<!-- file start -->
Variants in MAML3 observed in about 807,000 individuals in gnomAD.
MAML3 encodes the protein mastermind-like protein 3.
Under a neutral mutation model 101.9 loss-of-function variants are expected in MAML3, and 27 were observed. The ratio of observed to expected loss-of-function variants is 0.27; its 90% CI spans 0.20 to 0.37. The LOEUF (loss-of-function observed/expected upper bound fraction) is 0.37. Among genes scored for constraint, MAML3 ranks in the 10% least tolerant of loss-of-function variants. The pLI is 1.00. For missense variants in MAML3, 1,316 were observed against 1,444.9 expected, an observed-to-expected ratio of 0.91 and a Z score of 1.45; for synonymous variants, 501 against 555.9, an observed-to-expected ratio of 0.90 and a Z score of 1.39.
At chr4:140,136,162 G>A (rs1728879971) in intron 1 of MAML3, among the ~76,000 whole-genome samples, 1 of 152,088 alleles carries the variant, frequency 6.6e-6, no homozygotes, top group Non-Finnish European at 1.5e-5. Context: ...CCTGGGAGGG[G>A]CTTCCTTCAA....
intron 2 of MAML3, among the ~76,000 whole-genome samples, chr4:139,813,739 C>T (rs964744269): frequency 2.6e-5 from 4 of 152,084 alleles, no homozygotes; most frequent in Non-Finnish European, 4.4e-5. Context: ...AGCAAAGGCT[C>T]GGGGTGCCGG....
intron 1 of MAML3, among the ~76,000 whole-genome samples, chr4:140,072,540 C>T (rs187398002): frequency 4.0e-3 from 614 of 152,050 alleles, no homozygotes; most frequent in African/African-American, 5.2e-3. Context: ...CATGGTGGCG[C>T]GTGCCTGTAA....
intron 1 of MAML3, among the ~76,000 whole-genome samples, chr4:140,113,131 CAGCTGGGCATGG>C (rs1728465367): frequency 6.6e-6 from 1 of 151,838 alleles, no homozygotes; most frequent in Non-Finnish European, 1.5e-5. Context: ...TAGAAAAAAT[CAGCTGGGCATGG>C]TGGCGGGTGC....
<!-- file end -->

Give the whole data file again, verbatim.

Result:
Variants in MAML3 observed in about 807,000 individuals in gnomAD.
MAML3 encodes the protein mastermind-like protein 3.
Under a neutral mutation model 101.9 loss-of-function variants are expected in MAML3, and 27 were observed. The ratio of observed to expected loss-of-function variants is 0.27; its 90% CI spans 0.20 to 0.37. The LOEUF (loss-of-function observed/expected upper bound fraction) is 0.37. Among genes scored for constraint, MAML3 ranks in the 10% least tolerant of loss-of-function variants. The pLI is 1.00. For missense variants in MAML3, 1,316 were observed against 1,444.9 expected, an observed-to-expected ratio of 0.91 and a Z score of 1.45; for synonymous variants, 501 against 555.9, an observed-to-expected ratio of 0.90 and a Z score of 1.39.
At chr4:140,136,162 G>A (rs1728879971) in intron 1 of MAML3, among the ~76,000 whole-genome samples, 1 of 152,088 alleles carries the variant, frequency 6.6e-6, no homozygotes, top group Non-Finnish European at 1.5e-5. Context: ...CCTGGGAGGG[G>A]CTTCCTTCAA....
intron 2 of MAML3, among the ~76,000 whole-genome samples, chr4:139,813,739 C>T (rs964744269): frequency 2.6e-5 from 4 of 152,084 alleles, no homozygotes; most frequent in Non-Finnish European, 4.4e-5. Context: ...AGCAAAGGCT[C>T]GGGGTGCCGG....
intron 1 of MAML3, among the ~76,000 whole-genome samples, chr4:140,072,540 C>T (rs187398002): frequency 4.0e-3 from 614 of 152,050 alleles, no homozygotes; most frequent in African/African-American, 5.2e-3. Context: ...CATGGTGGCG[C>T]GTGCCTGTAA....
intron 1 of MAML3, among the ~76,000 whole-genome samples, chr4:140,113,131 CAGCTGGGCATGG>C (rs1728465367): frequency 6.6e-6 from 1 of 151,838 alleles, no homozygotes; most frequent in Non-Finnish European, 1.5e-5. Context: ...TAGAAAAAAT[CAGCTGGGCATGG>C]TGGCGGGTGC....